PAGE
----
The rape survivors can contract sexually transmitted diseases in their lives which can endanger their health and cause death later on in life. Furthermore, rape is very rampant in South Sudan and it has been worsening by the civil wars that South Sudan has been experiencing for many years. In the three of regions of Upper Nile, Barh el- Ghazal and Equatoria. There have been many cases that has been reported by both humanitarian organizations, civil society, human rights watch, independent bodies and the media houses. Moreover, the most rape victims are always women and girls in the war-zone areas across the country. Women and girls have bear the consequences of rape cases in the country. And it is very unfortunate, evil and shameful for our country.
The rape against women is a big crime and crime against humanity and womankind in particularly. Additionally, it is reported that rape cases were done by all warring parties to the conflict in South Sudan. for example, the aid agency Medecins Sans Frontierres (MSF) said that last November it had treated 125 women and girls who were allegedly raped or ganged raped over a ten days’ period. Rape and sexual violence has been a consistent feature of South Sudan’s war and it has always been committed by all parties to the conflict. Moreover, rape is against the order of nature. Additionally, according the United Nation report which clearly mentioned the reality on the ground said that “armed opposition groups that remain non-signatories to the peace agreement intensified. Rape, sexual slavery and sexual torture were used for the purposes of intimidation and punishment, based on perceived political affiliation.
Moreover, sexual violence was employed as an ethnically based strategy, aimed at transforming the demographics of the region. Other areas such as Unity (16 incidents), Upper Nile (16 incidents), Western Bahr el-Ghazal (11 incidents), and Western Equatoria (8 incidents) were affected by active hostilities, arising either from internal strife generated by opposition groups or clashes between local militias characterized by a large presence of armed youth. The South Sudan People’s Defence Forces were implicated in 37 per cent of the cases”.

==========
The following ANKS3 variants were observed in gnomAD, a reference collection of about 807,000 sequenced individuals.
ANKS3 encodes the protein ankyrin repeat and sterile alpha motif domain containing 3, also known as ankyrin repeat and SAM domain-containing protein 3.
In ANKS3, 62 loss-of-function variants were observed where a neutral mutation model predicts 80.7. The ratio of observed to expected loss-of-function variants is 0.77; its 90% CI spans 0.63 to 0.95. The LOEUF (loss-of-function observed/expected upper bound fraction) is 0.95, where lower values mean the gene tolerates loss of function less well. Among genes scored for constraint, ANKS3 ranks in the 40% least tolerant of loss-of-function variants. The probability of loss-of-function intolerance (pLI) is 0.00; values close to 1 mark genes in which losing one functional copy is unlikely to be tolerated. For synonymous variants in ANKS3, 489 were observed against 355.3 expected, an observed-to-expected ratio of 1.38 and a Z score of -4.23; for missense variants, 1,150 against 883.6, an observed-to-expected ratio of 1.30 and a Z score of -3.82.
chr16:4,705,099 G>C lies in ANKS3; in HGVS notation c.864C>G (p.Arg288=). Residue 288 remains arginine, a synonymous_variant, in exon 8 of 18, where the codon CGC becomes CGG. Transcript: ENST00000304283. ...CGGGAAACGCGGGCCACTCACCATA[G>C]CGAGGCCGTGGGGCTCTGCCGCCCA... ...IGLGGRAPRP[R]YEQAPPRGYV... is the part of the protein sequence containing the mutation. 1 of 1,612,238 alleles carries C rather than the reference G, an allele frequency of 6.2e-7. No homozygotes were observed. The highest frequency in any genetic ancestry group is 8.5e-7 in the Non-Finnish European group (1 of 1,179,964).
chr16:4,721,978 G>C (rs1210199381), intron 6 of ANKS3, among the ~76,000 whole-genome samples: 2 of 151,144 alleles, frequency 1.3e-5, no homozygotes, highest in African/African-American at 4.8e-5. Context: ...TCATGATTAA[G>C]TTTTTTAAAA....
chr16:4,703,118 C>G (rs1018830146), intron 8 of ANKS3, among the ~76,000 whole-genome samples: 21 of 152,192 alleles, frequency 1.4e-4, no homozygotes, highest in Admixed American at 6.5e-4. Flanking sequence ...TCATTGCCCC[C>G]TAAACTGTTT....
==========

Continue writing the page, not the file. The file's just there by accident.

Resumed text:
Finally, the above report by the United Nation (UN) clearly demonstrated the harsh and sad realities of rape and sexual violence in our country against innocent and vulnerable women and girls who faced such inhuman act in South Sudan. So we need come together as a country to fight and alter this shameful practice against women and girls in our nation. The humanitarian agencies, civil society, religious groups, youth, women and government need to work hard to eradicate and stop this evil practice which is an attack against women’s and girls’ dignity and rights in South Sudan. Rape is morally wrong and wicked and we need to put an end to it in South Sudan. I know a real South Sudanese gentleman cannot do such a horrible thing to a woman or girl but only an evil and fake man can do such thing to an innocent woman and girl in South Sudan.
The author is a women rights activists. He can be reached via: firstname.lastname@example.org.